The US killed Mohammed Saeed al Umda (a.k.a. Ghareeb al Taizi) in an April 22 drone strike on a convoy in the Al Samadah area of Marib province. Prior to the downfall of the Taliban regime in 2001, he had attended the Al Farouq military training camp in Afghanistan. Umda served as a member of Osama bin Laden’s bodyguard in Afghanistan before returning to Yemen, and was involved in the October 2002 suicide attack on the French oil tanker Limburg. He escaped from a Yemeni jail in 2006.
And on Jan. 31, US drones killed Abdul Mun’im Salim al Fatahani near the city of Lawdar in Abyan province. Fatahani was also involved in the suicide attack on the USS Cole, as well as the bombing that damaged the Limburg oil tanker in 2002. AQAP said that Fatahani had fought in Iraq and Afghanistan.
US intelligence officials believe that al Qaeda in the Arabian Peninsula poses a direct threat to the homeland. The latest AQAP plot against the West, involving an underwear bomb that is nearly undetectable and was to be detonated on an airliner, was foiled earlier this year. The terror group has planned multiple attacks against targets in the US. A strike in Yemen last year killed both Anwar al Awlaki, the radical US-born cleric who plotted attacks against the US, and Samir Khan, another American who served as a senior AQAP propagandist.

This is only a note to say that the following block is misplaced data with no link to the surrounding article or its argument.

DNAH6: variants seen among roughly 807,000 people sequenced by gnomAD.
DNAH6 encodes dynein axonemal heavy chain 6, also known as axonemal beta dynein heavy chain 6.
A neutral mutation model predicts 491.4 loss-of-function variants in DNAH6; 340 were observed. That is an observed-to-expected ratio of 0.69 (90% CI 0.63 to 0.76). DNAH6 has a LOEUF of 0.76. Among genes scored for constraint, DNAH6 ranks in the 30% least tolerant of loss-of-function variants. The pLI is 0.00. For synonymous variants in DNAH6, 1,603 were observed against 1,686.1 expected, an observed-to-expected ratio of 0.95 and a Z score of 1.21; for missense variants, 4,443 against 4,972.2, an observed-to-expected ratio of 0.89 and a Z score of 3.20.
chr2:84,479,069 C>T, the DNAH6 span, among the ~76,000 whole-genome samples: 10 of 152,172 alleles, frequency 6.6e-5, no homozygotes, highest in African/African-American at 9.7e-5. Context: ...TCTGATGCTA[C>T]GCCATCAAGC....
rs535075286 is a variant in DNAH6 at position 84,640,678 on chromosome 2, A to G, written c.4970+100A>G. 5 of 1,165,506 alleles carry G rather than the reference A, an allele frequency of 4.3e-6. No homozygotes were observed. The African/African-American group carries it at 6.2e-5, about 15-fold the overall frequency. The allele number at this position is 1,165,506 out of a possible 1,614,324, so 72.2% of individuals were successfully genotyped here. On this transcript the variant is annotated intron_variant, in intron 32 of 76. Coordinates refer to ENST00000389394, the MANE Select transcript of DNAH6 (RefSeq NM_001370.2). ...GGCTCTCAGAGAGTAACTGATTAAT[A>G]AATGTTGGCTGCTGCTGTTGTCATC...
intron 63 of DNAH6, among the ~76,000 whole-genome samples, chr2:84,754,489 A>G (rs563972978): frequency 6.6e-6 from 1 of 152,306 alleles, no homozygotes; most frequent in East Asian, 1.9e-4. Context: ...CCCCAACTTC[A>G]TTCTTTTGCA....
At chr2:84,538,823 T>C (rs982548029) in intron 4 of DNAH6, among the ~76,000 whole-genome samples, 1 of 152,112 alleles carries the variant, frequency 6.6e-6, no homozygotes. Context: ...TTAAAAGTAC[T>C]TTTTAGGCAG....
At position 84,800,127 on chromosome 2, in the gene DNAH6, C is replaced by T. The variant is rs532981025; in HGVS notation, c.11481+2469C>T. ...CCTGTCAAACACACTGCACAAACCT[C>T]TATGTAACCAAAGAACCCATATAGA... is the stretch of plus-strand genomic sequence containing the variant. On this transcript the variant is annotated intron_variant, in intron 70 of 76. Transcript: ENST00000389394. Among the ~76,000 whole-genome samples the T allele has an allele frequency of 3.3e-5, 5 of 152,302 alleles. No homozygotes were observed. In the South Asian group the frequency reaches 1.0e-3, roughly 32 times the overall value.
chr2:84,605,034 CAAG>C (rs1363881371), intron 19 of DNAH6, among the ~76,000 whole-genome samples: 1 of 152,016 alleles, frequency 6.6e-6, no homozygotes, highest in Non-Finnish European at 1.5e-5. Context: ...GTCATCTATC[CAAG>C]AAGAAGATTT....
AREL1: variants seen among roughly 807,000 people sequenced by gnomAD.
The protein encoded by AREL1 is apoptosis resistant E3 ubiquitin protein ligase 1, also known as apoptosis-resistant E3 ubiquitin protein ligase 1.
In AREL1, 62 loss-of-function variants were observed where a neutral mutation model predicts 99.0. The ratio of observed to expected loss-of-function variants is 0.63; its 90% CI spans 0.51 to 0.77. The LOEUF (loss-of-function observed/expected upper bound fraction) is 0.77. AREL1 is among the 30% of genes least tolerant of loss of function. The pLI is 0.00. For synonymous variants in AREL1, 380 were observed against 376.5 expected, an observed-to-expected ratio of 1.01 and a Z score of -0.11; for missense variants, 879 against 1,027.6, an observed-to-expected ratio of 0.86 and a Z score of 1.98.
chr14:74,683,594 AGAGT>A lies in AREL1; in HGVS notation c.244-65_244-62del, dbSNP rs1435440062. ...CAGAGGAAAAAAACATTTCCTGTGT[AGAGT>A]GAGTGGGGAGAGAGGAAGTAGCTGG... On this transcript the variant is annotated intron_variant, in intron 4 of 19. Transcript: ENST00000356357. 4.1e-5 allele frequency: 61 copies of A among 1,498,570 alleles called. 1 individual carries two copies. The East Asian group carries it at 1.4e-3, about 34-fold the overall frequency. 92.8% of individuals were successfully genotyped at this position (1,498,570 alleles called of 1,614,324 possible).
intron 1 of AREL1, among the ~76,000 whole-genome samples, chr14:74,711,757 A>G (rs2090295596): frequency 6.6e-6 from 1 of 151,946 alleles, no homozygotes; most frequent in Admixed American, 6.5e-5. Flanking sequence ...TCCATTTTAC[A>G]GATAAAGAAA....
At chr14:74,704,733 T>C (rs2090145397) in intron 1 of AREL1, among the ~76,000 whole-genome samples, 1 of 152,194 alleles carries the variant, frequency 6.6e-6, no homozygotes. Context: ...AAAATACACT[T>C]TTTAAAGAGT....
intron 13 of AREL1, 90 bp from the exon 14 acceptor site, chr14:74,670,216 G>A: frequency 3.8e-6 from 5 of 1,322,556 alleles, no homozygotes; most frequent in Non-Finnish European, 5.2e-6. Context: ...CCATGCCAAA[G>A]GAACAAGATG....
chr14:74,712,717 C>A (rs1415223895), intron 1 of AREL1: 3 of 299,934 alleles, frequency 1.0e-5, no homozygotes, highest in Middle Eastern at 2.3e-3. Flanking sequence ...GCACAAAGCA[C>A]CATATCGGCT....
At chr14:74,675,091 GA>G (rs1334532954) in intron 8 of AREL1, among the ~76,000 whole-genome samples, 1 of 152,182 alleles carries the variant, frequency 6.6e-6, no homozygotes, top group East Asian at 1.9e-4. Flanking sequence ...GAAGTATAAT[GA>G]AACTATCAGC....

Bill Roggio is a Senior Fellow at the Foundation for Defense of Democracies and the Editor of FDD’s Long War Journal.